Undergraduates are at the heart of research for Bass Connections, and it is through their diligence and collaborative spirit that there was tremendous work done, Professor Thomas Nechyba said Wednesday night during the Education and Human Development Bass Connections showcase.
Hosted by the Social Science Research Institute, EHDxTalks covered both local and international projects, and topics ranged from education and nutrition at Duke to focuses on the psychological implications of transitional housing. Each of the 12 EHD Bass Connections teams presented five minute TEDx-style talks highlighting their discoveries, and their hopes for further research.
Brigid Burroughs, Jennifer Ling, Camila Vargas and Jaslyn Zhang explored gender discrepancies between men and women studying in STEM fields at Duke. Beginning with data analysis done by the National Girls’ Collaborative Project, the team tracked how men and women differently handled academic obstacles.
“After selecting majors, women are 50 percent more likely than men to switch out of a STEM major, even when controlling for academic ability. So clearly, the issue of a homogenous population among STEM majors is a systemic one,” Burroughs said.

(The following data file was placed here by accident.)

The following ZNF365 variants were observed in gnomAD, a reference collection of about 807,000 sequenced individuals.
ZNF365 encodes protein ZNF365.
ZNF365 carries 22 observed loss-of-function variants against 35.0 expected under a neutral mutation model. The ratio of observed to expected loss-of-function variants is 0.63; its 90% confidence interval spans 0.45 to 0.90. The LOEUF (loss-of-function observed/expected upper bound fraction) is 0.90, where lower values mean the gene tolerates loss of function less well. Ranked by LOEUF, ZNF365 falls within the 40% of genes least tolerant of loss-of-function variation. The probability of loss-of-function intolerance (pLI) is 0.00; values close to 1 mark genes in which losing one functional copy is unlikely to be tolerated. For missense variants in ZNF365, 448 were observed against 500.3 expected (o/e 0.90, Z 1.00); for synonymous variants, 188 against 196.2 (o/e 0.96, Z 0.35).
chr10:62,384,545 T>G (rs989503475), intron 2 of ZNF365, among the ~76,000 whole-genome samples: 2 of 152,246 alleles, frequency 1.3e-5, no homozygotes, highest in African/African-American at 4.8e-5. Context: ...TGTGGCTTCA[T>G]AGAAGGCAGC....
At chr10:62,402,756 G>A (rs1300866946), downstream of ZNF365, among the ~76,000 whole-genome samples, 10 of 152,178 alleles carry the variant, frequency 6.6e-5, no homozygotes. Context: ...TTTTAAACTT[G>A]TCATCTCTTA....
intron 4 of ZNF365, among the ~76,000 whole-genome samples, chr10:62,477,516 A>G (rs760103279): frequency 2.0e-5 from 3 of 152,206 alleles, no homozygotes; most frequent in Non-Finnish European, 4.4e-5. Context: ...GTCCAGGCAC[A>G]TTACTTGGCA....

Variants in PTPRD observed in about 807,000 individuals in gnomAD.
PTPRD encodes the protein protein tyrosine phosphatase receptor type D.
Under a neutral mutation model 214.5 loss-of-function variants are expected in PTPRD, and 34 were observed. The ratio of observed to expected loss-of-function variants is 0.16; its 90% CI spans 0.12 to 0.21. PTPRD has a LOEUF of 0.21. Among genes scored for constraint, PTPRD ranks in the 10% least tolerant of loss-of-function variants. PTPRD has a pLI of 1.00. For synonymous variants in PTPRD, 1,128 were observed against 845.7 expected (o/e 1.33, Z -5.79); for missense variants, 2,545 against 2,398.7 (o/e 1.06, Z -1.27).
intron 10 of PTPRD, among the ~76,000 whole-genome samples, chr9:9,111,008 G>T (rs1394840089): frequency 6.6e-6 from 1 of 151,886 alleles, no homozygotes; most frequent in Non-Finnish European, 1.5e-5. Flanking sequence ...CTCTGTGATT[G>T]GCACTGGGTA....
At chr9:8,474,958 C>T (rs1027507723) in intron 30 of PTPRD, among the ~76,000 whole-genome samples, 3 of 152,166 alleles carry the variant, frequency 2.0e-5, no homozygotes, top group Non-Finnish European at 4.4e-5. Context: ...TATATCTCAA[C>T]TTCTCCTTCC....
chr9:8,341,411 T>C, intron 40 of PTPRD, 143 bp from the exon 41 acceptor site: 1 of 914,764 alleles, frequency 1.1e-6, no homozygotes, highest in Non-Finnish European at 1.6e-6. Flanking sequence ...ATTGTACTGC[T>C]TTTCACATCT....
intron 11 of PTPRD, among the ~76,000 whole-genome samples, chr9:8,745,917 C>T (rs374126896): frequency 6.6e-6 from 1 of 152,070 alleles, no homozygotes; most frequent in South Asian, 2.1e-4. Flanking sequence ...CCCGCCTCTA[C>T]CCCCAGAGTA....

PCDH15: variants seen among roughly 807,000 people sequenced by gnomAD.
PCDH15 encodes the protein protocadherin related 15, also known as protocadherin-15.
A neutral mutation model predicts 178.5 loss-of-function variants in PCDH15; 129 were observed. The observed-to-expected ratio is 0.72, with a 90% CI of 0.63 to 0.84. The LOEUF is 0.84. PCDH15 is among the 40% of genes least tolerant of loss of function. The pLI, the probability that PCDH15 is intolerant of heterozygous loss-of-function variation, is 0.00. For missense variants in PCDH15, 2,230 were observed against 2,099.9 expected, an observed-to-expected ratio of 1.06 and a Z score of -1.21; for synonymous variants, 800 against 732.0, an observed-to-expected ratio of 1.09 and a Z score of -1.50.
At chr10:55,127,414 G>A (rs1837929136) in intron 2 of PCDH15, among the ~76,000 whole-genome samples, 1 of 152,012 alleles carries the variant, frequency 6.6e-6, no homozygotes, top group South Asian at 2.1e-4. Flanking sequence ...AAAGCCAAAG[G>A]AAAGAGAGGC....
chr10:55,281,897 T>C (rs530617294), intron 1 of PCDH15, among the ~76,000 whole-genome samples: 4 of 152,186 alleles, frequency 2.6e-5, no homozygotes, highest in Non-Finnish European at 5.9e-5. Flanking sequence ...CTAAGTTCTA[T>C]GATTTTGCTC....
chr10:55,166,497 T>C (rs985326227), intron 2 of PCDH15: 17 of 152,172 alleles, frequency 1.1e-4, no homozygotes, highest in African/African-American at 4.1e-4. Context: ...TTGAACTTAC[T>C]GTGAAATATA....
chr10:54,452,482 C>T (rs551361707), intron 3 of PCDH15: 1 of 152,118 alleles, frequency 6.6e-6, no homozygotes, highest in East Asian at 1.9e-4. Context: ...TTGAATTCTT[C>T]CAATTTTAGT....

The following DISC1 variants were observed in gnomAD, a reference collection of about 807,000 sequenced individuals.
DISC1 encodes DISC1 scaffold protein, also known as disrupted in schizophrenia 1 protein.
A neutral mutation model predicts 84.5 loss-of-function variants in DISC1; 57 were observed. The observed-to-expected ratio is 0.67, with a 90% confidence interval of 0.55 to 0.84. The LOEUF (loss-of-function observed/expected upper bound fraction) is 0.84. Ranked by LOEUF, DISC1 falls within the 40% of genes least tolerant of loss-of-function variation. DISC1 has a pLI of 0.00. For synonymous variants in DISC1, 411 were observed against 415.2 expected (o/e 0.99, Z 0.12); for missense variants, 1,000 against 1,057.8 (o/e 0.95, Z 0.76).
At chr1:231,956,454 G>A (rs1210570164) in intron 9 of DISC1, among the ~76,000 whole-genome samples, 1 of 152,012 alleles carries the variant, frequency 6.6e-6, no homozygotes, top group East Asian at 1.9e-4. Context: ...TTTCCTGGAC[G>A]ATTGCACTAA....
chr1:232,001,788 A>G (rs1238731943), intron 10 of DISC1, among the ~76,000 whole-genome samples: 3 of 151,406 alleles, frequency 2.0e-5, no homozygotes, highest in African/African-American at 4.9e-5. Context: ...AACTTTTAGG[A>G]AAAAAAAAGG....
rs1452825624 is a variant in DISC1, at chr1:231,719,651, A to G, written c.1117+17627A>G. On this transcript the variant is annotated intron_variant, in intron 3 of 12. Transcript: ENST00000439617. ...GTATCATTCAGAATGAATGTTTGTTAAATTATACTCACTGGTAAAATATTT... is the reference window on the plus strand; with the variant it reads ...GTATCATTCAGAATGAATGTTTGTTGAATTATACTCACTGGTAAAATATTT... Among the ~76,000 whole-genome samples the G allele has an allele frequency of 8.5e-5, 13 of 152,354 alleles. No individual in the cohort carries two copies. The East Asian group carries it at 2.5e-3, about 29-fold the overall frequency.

The students said they wanted to continue their research and conduct experiments that would lead to recommendations. “We hope to see how different types of active learning affects self-efficacy, peer interaction and motivation in the classroom, and how these perceptions of learning affect gender,” Ling said.
In their project, Nikita Gawande and Saumya Jain study slums in Bangalore to help start filling in large gaps in scholarly knowledge about poverty in the developing world. The students use surveys to learn about the lives of people there and to develop policy recommendations on poverty, health, education, housing and other issues.
“We’re working on a methodology to classify slums into distinct types. Our hope is that by clustering slums on their physical features, it will be easier to discover what underlying factors are most important in shaping different trajectories of development over time,” Jain said.
“Eventually, our hope is that these types will help NGOs and governments come up with more specific and targeted policy interventions.”
Another team researched music therapy and autism in elementary schools. Giselle Graham and Xin Tong Lim’s project called “Voices Together” evaluated how music therapy can help overcome communication and social interaction deficits in children diagnosed with autism.
“Voices Together uses rhythm, tempo, and dynamics of music as a medium to implement therapeutic strategies focused on helping individuals with autism reach specific goals,” Graham said.
Serving as a culminating event to recognize student and faculty research, EHDxTalks became a platform for teams to share their achievements.
“Bass Connections is what happens at the intersection between higher education at Duke, interdisciplinary [research], and knowledge in the service of society,” Nechyba said.